We had the good fortune of connecting with Torie Osborn and we’ve shared our conversation below.

Hi Torie, what matters most to you?

My life has been passionate and purposeful — in service of social justice since age 15. I’m 70 now. The value/principle that guides me is — helping make the world better. I was inspired by the civil rights movement (although too young to have been active in it — my first actions were against the Vietnam war), and then discovered that the intensity and focus and purpose of social action was deeply fulfilling. So I’m a ’60s activist who never stopped! I’m lucky to have come up at the time the nonprofit sector matured so in my life I’ve been able to be paid for work I love — for 20 years running community based nonprofits then the past decade or so in government, working for progressive electeds. I try to bring creativity and innovation and love of change — watching and helping people grow individually — while I help change the world.

Can you open up a bit about your work and career? We’re big fans and we’d love for our community to learn more about your work.

My professional life has been guided by the need both to grow and learn skills AND make the world a bit better through activism, organizing, advocacy. I was a social justice nonprofit Executive Director four times over — The LA LGBT Center at the height of AIDS (1987-93), the National Gay and Lesbian Task Force (1993), Food and Friends, a local AIDS service organization in DC, (1995) and LA’s social-justice foundation, Liberty Hill Foundation (1997-2005). I learn by teaching, so every step of the way, as I learned HOW to best run a social-movement nonprofit, I taught others, mentored young and upcoming directors. Being an executive director of a nonprofit is one of the toughest jobs there is — you have to be staff supervisor, Board recruiter and manager (while they manage you too), spokesperson, fundraiser (always at least 60% of the job!) and more. And growing organizations was my forte. But after 20 years, I’d had enough, so I  moved into nonprofit consulting interspersed with government. Yes, after years of advocating for policy change on behalf of marginalized people, I became “the man.” I believe social change is made by both building outside social movements AND working with electeds who have decision-making power inside the system. “Inside/Outside” is the key, and I’ve helped develop that as I’ve grown in confidence and ability. In AIDS days (in 80s/90s) I was arrested with ACT UP (1989), helped run a campaign against a heinous ballot measure to quarantine people with AIDS (1986) and sat on the AIDS Commission (1988-92) that worked inside LA’S health services system. I see the same tactics applied on anti-poverty work, immigration reform, and, most recently, criminal justice reform. You need protest in the streets, and ballot measures or new laws supported from the inside, by forward thinking elected officials.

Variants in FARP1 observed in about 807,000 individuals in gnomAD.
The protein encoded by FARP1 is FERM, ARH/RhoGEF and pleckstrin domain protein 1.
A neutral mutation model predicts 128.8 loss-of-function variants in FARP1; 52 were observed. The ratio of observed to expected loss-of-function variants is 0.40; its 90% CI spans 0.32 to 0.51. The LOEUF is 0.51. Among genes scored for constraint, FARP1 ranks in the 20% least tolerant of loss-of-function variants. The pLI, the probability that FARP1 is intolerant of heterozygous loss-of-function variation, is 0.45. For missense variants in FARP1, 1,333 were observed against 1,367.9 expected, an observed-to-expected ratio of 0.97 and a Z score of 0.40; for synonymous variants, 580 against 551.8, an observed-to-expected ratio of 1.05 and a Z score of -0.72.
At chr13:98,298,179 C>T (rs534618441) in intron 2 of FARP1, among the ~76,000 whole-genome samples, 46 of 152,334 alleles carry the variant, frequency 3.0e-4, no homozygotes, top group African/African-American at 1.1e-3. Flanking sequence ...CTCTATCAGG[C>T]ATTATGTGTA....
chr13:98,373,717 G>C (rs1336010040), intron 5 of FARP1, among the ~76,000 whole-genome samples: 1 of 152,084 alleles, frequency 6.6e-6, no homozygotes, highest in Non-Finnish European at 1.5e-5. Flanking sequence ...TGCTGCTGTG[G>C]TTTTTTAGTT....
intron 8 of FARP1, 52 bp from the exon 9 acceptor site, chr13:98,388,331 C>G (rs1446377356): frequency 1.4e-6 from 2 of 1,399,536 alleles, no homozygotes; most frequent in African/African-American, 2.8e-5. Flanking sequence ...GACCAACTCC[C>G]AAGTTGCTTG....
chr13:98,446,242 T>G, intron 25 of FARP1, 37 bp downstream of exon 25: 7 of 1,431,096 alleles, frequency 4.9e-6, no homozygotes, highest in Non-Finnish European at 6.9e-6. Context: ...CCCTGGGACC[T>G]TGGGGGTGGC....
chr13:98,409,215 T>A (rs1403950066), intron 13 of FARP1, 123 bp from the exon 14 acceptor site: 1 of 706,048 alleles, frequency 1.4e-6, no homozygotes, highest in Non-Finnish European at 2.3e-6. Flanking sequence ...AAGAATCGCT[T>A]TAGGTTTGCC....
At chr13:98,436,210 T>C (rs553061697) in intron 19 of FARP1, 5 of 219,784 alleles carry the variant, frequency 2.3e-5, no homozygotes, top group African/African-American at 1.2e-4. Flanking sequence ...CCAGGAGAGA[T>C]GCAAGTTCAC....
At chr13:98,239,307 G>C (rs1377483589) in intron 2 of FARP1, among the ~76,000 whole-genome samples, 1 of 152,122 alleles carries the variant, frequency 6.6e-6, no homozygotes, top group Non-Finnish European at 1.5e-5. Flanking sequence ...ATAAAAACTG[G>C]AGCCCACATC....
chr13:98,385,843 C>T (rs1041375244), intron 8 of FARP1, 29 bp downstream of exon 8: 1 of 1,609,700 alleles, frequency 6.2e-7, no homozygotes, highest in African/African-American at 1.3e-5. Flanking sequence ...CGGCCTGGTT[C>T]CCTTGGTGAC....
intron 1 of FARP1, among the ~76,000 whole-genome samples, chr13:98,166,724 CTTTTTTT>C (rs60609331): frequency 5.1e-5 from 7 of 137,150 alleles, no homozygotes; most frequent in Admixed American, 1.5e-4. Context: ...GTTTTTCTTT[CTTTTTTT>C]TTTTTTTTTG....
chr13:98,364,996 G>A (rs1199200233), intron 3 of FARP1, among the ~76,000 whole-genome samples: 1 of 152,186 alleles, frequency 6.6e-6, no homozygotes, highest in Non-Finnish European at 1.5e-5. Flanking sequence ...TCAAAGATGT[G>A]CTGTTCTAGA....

Any places to eat or things to do that you can share with our readers? If they have a friend visiting town, what are some spots they could take them to?

In pandemic time, it’s a bit different! First, the beach! A meal outside in the sand at Back at the Beach Cafe in Santa Monica. Long walk on the beach in Santa Monica, find the dolphins that play in the surf (along with many surfers) every day. Hang out in Venice on the boardwalk, and people-watch. Drive to the desert to Joshua Tree and hike. Watch the mountains turning purple, and take in the healing air. Southern CA is about nature — hiking up with the hawks on the Backbone Trail through the Santa Monica mountains. The beach is endlessly beautiful. The desert. Especially in the pandemic. Nature calls….

Who else deserves some credit and recognition?

My shout out is to my best friend and great teacher, LA County Supervisor Sheila Kuehl. She and I have been friends since 1982 — now I work for her too (although I never could have done that until this late phase of my life!) She’s the model of how a progressive elected official should be: fearless, bold but pragmatic. She’s smart and funny, has way more patience than I do! She has also 100% supported everything I’ve done: producing concerts, leading four nonprofits over two decades, serving as a deputy mayor, being a super-volunteer for Barack Obama in 2008, and – inspired at age 61 to run for office for the first time — running for state Assembly (losing by 1% in the 2012 primary). Sheila has always been there.

Image Credits
All snapped by friends except 1993 White House photo and don’t know credit

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